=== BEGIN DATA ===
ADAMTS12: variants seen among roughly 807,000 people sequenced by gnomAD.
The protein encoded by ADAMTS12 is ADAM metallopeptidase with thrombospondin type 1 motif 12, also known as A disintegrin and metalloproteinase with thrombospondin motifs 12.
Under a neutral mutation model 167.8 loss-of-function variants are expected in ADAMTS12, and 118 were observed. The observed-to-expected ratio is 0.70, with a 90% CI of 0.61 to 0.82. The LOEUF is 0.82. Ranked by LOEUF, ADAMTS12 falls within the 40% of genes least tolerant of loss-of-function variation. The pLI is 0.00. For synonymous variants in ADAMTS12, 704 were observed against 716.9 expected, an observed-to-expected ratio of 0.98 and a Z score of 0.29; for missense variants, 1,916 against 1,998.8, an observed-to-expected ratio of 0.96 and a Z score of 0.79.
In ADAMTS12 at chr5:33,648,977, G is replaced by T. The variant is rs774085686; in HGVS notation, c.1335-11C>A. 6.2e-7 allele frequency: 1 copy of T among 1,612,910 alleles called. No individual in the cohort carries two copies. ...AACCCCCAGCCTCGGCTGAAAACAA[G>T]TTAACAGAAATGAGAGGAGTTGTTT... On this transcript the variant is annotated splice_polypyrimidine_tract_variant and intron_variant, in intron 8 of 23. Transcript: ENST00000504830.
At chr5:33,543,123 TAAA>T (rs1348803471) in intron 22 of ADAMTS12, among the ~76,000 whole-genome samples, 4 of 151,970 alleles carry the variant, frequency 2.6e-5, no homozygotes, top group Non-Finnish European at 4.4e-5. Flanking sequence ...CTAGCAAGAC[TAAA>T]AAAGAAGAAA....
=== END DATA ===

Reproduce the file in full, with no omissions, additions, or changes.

ADAMTS12: variants seen among roughly 807,000 people sequenced by gnomAD.
The protein encoded by ADAMTS12 is ADAM metallopeptidase with thrombospondin type 1 motif 12, also known as A disintegrin and metalloproteinase with thrombospondin motifs 12.
Under a neutral mutation model 167.8 loss-of-function variants are expected in ADAMTS12, and 118 were observed. The observed-to-expected ratio is 0.70, with a 90% CI of 0.61 to 0.82. The LOEUF is 0.82. Ranked by LOEUF, ADAMTS12 falls within the 40% of genes least tolerant of loss-of-function variation. The pLI is 0.00. For synonymous variants in ADAMTS12, 704 were observed against 716.9 expected, an observed-to-expected ratio of 0.98 and a Z score of 0.29; for missense variants, 1,916 against 1,998.8, an observed-to-expected ratio of 0.96 and a Z score of 0.79.
In ADAMTS12 at chr5:33,648,977, G is replaced by T. The variant is rs774085686; in HGVS notation, c.1335-11C>A. 6.2e-7 allele frequency: 1 copy of T among 1,612,910 alleles called. No individual in the cohort carries two copies. ...AACCCCCAGCCTCGGCTGAAAACAA[G>T]TTAACAGAAATGAGAGGAGTTGTTT... On this transcript the variant is annotated splice_polypyrimidine_tract_variant and intron_variant, in intron 8 of 23. Transcript: ENST00000504830.
At chr5:33,543,123 TAAA>T (rs1348803471) in intron 22 of ADAMTS12, among the ~76,000 whole-genome samples, 4 of 151,970 alleles carry the variant, frequency 2.6e-5, no homozygotes, top group Non-Finnish European at 4.4e-5. Flanking sequence ...CTAGCAAGAC[TAAA>T]AAAGAAGAAA....